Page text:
Farm Science Reporter: Volume 5, Issue 3
In our cattle feeding experiments this year, which ended the first of June, we followed up our tests of the past 2 years in which we were trying to find out whether it pays to chop hay for fattening steers and whether limited grain feeding with good quality steers would pay during this war period. There were other questions too that we wanted to answer if possible such as: In chopping hay for steers, should it be coarse or fine? How long a period should good quality yearling steers be fed?
Birdsfoot trefoil shows considerable promise as a perennial pasture legume for use in southern Iowa. Small plot and field plantings we have made show that it thrives growing with bluegrass. Cattle graze it freely, and when grown with bluegrass the forage production is not only increased but the birdsfoot trefoil, like alfalfa, continues to grow through the summer when bluegrass “takes a nap.”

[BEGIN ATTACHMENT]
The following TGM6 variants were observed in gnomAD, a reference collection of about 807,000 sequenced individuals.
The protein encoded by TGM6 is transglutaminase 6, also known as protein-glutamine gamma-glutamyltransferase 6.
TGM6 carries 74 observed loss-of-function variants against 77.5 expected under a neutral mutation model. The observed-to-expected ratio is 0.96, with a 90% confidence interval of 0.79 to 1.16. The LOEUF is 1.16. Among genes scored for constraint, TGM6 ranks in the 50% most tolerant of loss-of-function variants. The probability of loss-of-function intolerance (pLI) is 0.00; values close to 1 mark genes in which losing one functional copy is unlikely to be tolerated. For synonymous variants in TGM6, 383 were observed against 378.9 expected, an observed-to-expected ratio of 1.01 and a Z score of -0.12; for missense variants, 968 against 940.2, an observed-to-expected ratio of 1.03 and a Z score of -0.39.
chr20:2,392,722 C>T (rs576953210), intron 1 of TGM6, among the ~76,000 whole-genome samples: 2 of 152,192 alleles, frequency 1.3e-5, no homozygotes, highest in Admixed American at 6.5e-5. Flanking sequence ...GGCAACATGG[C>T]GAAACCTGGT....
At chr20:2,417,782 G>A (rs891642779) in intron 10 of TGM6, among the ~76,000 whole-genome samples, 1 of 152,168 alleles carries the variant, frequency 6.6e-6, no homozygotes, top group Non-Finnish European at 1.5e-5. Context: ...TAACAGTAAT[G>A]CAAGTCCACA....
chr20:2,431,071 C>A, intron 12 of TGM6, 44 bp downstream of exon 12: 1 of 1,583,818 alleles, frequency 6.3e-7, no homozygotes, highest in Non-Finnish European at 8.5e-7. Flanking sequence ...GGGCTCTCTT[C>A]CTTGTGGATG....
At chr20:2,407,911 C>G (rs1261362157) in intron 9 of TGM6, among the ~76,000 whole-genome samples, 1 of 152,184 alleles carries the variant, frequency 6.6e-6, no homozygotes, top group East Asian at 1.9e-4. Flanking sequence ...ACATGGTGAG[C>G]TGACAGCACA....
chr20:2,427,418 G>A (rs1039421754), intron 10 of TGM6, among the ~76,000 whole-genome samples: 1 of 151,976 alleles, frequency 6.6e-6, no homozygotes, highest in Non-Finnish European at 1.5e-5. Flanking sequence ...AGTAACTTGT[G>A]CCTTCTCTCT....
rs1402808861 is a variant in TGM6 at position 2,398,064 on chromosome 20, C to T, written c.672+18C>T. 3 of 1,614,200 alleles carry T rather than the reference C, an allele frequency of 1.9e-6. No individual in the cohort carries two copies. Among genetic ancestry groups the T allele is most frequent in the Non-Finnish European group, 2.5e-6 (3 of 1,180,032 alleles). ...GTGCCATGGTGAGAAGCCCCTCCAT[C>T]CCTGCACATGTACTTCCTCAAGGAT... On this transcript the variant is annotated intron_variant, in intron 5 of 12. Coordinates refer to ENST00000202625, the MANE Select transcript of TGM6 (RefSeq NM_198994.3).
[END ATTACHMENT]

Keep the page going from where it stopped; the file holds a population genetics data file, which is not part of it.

It is going to take a lot of careful planning, good care and management to make our laying flocks pay for the scarce and valuable feed and labor of the coming year.
When the top soil has washed away or blown away—crop yields drop. Most farmers know this. But just why won’t the subsoil produce as well as the original top soil? Is there any particular element that we can add to eroded soils which will step up crop yields? These are questions we have been looking into at the Iowa Station.